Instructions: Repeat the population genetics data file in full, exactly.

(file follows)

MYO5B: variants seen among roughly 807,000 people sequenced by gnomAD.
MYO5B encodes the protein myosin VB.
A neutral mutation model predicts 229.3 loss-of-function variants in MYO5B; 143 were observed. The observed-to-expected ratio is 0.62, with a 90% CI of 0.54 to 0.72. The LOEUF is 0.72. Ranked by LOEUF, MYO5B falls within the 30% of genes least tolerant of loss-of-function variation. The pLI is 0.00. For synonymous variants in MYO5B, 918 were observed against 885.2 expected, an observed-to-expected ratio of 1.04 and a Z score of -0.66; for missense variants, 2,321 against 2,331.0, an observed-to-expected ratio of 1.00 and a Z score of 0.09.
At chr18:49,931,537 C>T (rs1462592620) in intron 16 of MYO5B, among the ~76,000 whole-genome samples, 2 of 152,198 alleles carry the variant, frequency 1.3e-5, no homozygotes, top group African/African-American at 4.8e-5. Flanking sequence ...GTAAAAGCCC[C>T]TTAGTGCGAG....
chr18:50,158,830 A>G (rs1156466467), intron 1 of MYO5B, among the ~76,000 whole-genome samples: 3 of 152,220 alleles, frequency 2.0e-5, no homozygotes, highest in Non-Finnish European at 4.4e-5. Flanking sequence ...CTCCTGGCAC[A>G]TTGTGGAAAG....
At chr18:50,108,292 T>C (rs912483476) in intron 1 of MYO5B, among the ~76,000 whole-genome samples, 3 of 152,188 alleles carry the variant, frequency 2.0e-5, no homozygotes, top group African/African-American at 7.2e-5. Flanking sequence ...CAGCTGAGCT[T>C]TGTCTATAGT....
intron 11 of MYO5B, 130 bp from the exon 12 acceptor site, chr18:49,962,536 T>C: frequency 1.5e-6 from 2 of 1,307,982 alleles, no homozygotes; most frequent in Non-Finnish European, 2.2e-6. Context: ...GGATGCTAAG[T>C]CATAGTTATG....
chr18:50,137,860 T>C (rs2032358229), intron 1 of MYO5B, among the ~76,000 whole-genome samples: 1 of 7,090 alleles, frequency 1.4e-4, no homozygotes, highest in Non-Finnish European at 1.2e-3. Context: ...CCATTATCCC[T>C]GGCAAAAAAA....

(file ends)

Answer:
MYO5B: variants seen among roughly 807,000 people sequenced by gnomAD.
MYO5B encodes the protein myosin VB.
A neutral mutation model predicts 229.3 loss-of-function variants in MYO5B; 143 were observed. The observed-to-expected ratio is 0.62, with a 90% CI of 0.54 to 0.72. The LOEUF is 0.72. Ranked by LOEUF, MYO5B falls within the 30% of genes least tolerant of loss-of-function variation. The pLI is 0.00. For synonymous variants in MYO5B, 918 were observed against 885.2 expected, an observed-to-expected ratio of 1.04 and a Z score of -0.66; for missense variants, 2,321 against 2,331.0, an observed-to-expected ratio of 1.00 and a Z score of 0.09.
At chr18:49,931,537 C>T (rs1462592620) in intron 16 of MYO5B, among the ~76,000 whole-genome samples, 2 of 152,198 alleles carry the variant, frequency 1.3e-5, no homozygotes, top group African/African-American at 4.8e-5. Flanking sequence ...GTAAAAGCCC[C>T]TTAGTGCGAG....
chr18:50,158,830 A>G (rs1156466467), intron 1 of MYO5B, among the ~76,000 whole-genome samples: 3 of 152,220 alleles, frequency 2.0e-5, no homozygotes, highest in Non-Finnish European at 4.4e-5. Flanking sequence ...CTCCTGGCAC[A>G]TTGTGGAAAG....
At chr18:50,108,292 T>C (rs912483476) in intron 1 of MYO5B, among the ~76,000 whole-genome samples, 3 of 152,188 alleles carry the variant, frequency 2.0e-5, no homozygotes, top group African/African-American at 7.2e-5. Flanking sequence ...CAGCTGAGCT[T>C]TGTCTATAGT....
intron 11 of MYO5B, 130 bp from the exon 12 acceptor site, chr18:49,962,536 T>C: frequency 1.5e-6 from 2 of 1,307,982 alleles, no homozygotes; most frequent in Non-Finnish European, 2.2e-6. Context: ...GGATGCTAAG[T>C]CATAGTTATG....
chr18:50,137,860 T>C (rs2032358229), intron 1 of MYO5B, among the ~76,000 whole-genome samples: 1 of 7,090 alleles, frequency 1.4e-4, no homozygotes, highest in Non-Finnish European at 1.2e-3. Context: ...CCATTATCCC[T>C]GGCAAAAAAA....